The enduring appeal of a modern comedy classic

As John Godber’s Bouncers heads back out on the road, Theatre Correspondent Nick Ahad considers a contemporary classic.

John Godber's Bouncers
John Godber's Bouncers

In 1977 a mountain of a man climbed into a cramped car, drove to Edinburgh and into the history books.

John Godber, Bretton Hall graduate, son of a miner, with a doctorate in Brechtian theatre, had the set for Bouncers in the back of his car.

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Back then, Bouncers was a two-hander – and one of the most memorable performances at the Edinburgh Festival, Godber has told me, was when an audience of two included a drunk who at one point got up on stage.

At the risk of sounding solipsistic, 1977 was also the year I was born. The relevance? The odds were seriously stacked against me ever seeing a show that shares the year of my birth and that went through a labour at an arts festival that was, even then, a bit of a bunfight at which to get noticed.

Here it is, however, almost 38 years on (we both reach that age in August – Bouncers two weeks before me) and the truth is Godber’s play is in a lot ruder health than I am. It was always going to live at least long enough for me to meet it.

I first encountered Bouncers at its spiritual home in 2005, a year after I became the Yorkshire Post’s theatre critic. I knew the play by reputation, but I was not prepared for what I actually encountered. It is a barnstorming gift to actors who get to rattle through around 50 characters during its couple of hours’ playing time. My first Bouncers cast was Rob Angell, Jack Brady, Dicken Ashworth, Matthew Booth – I can still picture that cast on that stage, turning the set into a sweaty nightclub with the deft motion of upturning a barrel.

Jack Brady as Plain Elaine (it’s such a shame) is still an image that raises a smile. Then there’s the unforgettable Lucky Eric’s speeches, including his powerful fourth and final speech in which he reveals that this funny, irreverent, slapstick-filled show is about the working class and the position it holds in contemporary society.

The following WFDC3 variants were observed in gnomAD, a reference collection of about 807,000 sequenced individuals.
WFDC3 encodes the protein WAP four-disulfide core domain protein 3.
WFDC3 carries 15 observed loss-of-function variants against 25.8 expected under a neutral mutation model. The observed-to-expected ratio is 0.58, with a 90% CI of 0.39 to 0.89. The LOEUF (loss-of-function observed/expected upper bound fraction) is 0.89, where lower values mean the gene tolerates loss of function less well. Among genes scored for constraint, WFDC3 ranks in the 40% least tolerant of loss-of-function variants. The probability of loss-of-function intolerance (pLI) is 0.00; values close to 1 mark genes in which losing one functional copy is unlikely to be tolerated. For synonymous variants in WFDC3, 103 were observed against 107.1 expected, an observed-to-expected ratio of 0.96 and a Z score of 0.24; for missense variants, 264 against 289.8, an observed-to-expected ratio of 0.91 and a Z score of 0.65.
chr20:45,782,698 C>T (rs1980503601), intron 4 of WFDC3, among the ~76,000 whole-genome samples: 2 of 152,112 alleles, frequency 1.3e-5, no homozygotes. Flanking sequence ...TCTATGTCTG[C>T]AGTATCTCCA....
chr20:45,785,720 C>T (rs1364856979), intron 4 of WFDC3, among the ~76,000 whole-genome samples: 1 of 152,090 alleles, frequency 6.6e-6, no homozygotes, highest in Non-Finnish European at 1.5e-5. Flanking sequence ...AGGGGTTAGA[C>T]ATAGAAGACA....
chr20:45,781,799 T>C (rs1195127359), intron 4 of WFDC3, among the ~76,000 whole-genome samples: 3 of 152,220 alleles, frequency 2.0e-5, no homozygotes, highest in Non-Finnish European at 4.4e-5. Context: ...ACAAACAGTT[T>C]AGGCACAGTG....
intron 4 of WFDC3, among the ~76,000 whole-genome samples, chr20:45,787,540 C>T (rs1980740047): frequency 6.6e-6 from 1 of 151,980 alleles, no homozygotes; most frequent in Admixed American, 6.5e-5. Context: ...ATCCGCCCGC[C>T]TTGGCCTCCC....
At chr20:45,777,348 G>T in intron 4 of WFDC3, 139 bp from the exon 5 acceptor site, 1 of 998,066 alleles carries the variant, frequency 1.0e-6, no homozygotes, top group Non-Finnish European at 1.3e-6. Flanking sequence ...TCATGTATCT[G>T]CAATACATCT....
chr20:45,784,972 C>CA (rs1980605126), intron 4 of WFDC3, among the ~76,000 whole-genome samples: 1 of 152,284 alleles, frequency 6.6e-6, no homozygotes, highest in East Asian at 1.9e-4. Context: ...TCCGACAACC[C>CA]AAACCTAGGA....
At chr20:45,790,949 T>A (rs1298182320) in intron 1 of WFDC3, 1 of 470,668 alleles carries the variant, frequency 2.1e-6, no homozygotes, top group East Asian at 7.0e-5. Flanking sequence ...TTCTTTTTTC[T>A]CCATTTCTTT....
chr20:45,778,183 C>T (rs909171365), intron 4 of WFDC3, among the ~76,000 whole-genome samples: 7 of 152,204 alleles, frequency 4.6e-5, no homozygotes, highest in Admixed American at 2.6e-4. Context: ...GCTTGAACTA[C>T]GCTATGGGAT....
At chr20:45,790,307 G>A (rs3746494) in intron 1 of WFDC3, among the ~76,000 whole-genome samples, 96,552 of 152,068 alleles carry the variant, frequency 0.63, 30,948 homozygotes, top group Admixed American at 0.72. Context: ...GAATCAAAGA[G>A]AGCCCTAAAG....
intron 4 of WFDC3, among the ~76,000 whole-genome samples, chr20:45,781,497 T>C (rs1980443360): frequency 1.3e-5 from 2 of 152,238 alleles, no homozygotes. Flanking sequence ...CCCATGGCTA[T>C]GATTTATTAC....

Lucky Eric’s monologues are where Godber rages against the machine that keeps the working class in their place with the promise of weekly intoxication, a temporary state of euphoria gained at the nightclub Mr Cinders.

When this rage is unleashed, in the context of a comedy featuring 20-stone blokes playing sexy young women struggling to stand up in high heels, the effect is like being kicked in the head by a ballerina mid-performance.

Incredibly, the righteous anger that fuels Bouncers hasn’t dulled over time. We live in a post-Chavs (the book by Owen Jones) world – Bouncers feels more relevant than ever.

In 2000, the National Theatre listed what it considered to be the most important plays of the past 100 years. Bouncers was on the list.

Six months after my first Bouncers in Hull Truck, I went to see it again, this time in Halifax at the Viaduct Theatre. In that musty, dank former underground car park of a theatre, the darkness of Bouncers was all enveloping and I realised the chameleonic character of Bouncers is one of its secret to longevity. It moulds itself to its environment – immediate and societal. It will always have something to say.

Godber tells me that the latest version of Bouncers, which he is directing and opens at Wakefield Theatre Royal on January 27, will be the definitive version. I doubt it. There is something far too final, complete, about calling it that. I suspect there will be much more to come from this genuine contemporary classic.